The Capture of Santiago was a military event that took place between 11–28 November 1585 during the newly declared Anglo-Spanish War. (Santiago is the largest island of Cape Verde archipelago.) An English expedition led by Francis Drake captured the port town of Cidade Velha in the Cape Verde islands that had recently belonged to the Crown of Portugal. He sacked it and then marched inland before doing the same at São Domingos and Praia. Afterwards Drake left and continued his expedition to successfully raid the Spanish possessions in the Americas.

Fall of Antwerp

The Fall of Antwerp on 17 August 1585 took place during the Eighty Years' War, after a siege lasting over a year from July 1584 until August 1585. The city of Antwerp was the capital of the new Protestant-dominated Dutch Revolt, but was forced to surrender to the Spanish forces. Under the terms agreed all Protestants were given four years to settle their affairs and leave the city. Many migrated north, especially to Amsterdam, which became the capital of the Dutch Republic. Apart from losing a high proportion of its mercantile population, Antwerp's trade suffered for decades as Dutch forts blockaded the River Scheldt.

Frankfurt Stock Exchange

The Frankfurt Stock Exchange (German: Die Frankfurter Wertpapierbörse - FWB) is the world's 10th largest stock exchange by market capitalization.

Hamnet Shakespeare

Hamnet Shakespeare (baptised 2 February 1585 – buried 11 August 1596) was the only son of William Shakespeare and Anne Hathaway, and the fraternal twin of Judith Shakespeare. He died at the age of 11. Some Shakespearean scholars speculate on the relationship between Hamnet and his father's later play Hamlet, as well as on possible connections between Hamnet's death and the writing of King John, Romeo and Juliet, Julius Caesar, and Twelfth Night.

John Scory

John Scory (died 1585) was an English Dominican friar who later became a bishop in the Church of England.

He was Bishop of Rochester from 1551 to 1552, and then translated to Bishop of Chichester from 1552 to 1553. He was deprived of this position on Queen Mary's accession, but returned to the Anglican episcopate under Elizabeth's reign as Bishop of Hereford from 1559 to 1585.

He participated in the Westminster Disputation of 1559.

Judith Quiney

Judith Quiney (baptised 2 February 1585 – 9 February 1662), née Shakespeare, was the younger daughter of William Shakespeare and Anne Hathaway and the fraternal twin of their only son Hamnet Shakespeare. She married Thomas Quiney, a vintner of Stratford-upon-Avon. The circumstances of the marriage, including Quiney's misconduct, may have prompted the rewriting of Shakespeare's will. Thomas was struck out, while Judith's inheritance was attached with provisions to safeguard it from her husband. The bulk of Shakespeare's estate was left, in an elaborate fee tail, to his elder daughter Susanna and her male heirs.

Judith and Thomas Quiney had three children. By the time of Judith Quiney's death, she had outlived her children by many years. She has been depicted in several works of fiction as part of an attempt to piece together unknown portions of her father's life.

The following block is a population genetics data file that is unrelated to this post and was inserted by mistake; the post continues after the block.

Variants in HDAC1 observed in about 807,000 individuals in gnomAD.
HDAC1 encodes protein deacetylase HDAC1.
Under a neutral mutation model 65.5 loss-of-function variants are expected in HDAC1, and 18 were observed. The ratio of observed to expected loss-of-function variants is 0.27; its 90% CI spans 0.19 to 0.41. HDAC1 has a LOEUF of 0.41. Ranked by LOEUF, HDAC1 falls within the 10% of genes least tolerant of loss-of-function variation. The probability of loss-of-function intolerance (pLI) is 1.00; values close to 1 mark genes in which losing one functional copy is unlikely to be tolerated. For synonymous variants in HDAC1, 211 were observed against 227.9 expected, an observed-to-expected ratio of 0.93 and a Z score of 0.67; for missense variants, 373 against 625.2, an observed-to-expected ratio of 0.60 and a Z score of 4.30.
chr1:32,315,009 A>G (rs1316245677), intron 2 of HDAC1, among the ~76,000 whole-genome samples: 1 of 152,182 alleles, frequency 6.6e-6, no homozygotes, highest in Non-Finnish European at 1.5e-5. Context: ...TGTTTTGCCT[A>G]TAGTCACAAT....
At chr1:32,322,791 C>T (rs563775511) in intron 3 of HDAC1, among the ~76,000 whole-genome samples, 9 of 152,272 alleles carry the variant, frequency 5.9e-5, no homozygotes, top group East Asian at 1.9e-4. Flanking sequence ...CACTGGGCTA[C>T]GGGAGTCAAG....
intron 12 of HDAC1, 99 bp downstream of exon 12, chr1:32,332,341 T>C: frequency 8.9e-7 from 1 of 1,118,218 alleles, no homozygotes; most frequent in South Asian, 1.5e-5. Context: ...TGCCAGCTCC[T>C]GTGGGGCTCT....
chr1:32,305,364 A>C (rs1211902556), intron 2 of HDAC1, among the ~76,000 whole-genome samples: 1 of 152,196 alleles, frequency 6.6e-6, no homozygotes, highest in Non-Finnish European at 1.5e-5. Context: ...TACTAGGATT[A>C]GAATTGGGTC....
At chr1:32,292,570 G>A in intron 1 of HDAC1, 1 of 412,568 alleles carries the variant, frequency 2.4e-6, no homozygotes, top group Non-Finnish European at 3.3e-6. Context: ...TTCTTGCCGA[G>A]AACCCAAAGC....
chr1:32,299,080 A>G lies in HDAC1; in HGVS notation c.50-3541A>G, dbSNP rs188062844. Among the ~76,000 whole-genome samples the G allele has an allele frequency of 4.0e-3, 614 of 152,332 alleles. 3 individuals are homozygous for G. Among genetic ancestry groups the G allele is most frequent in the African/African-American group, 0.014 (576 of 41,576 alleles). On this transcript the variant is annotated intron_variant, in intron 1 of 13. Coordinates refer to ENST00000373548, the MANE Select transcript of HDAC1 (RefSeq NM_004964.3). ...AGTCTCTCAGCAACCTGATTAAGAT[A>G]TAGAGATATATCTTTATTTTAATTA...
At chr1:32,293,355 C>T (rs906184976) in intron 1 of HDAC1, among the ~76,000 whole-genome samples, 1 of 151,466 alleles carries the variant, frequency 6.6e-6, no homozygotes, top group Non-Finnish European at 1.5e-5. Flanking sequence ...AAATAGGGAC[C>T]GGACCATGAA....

Matthew Wren

Matthew Wren (3 December 1585 – 24 April 1667) was an influential English clergyman, bishop and scholar.

Pope Gregory XIII

Pope Gregory XIII (Latin: Gregorius XIII; 7 January 1502 – 10 April 1585), born Ugo Boncompagni, was Pope of the Catholic Church from 13 May 1572 to his death in 1585. He is best known for commissioning and being the namesake for the Gregorian calendar, which remains the internationally accepted civil calendar to this day.

Roanoke Colony

The Roanoke Colony (), also known as the Lost Colony, was the first attempt at founding a permanent English settlement in North America. It was established in 1585 on Roanoke Island in what is today's Dare County, North Carolina. The colony was sponsored by Sir Walter Raleigh, although he himself never set foot in it.

The initial settlement was established in the summer of 1585, but a lack of supplies and bad relations with the local Native Americans caused many of its members to return to England with Sir Francis Drake a year later, leaving behind a small detachment. These men had all disappeared by the time a second expedition led by John White, who also served as the colony's governor, arrived in July 1587. White, whose granddaughter Virginia Dare was born there shortly thereafter (making her the first English child born in the New World), left for England in late 1587 to request assistance from the government, but was prevented from returning to Roanoke until August 1590 due to the Anglo-Spanish War. Upon his arrival, the entire colony was missing with only a single clue to indicate what happened to them: the word "CROATOAN" carved into a tree.

For many years, it was widely accepted that the colonists were massacred by local tribes, but no bodies were ever discovered, nor any other archaeological evidence. The most prevalent hypothesis now is that environmental circumstances forced the colonists to take shelter with local tribes, but that is mostly based on oral histories and also lacks conclusive evidence. Some artifacts were discovered in 1998 on Hatteras Island where the Croatan tribe was based, but researchers could not definitively say these were from the Roanoke colonists.

Siege of IJsseloord

The Siege of IJsseloord or the Capture of Arnhem was a siege that took place between the 6 and 15 October 1585 at Arnhem (Gelderland in the Netherlands) during the Eighty Years' War and the Anglo-Spanish War (1585–1604). The Dutch and English were victorious when the sconce of IJsseloord after seven days capitulated and Arnhem fell into their hands.

The English under Queen Elizabeth I had just signed the treaty of Nonsuch in August and as such the English contingent was enlarged and put under temporary command of John Norreys. After crossing the English channel they joined the States troops of Adolf van Nieuwenaar then headed towards Arnhem with 2,500 men where they intended to retake a sconce called IJsseloord. In the 16th century IJsseloord was a point that connected the Rhine and the IJssel and as such it was a strategic point running towards Zutphen and Deventer.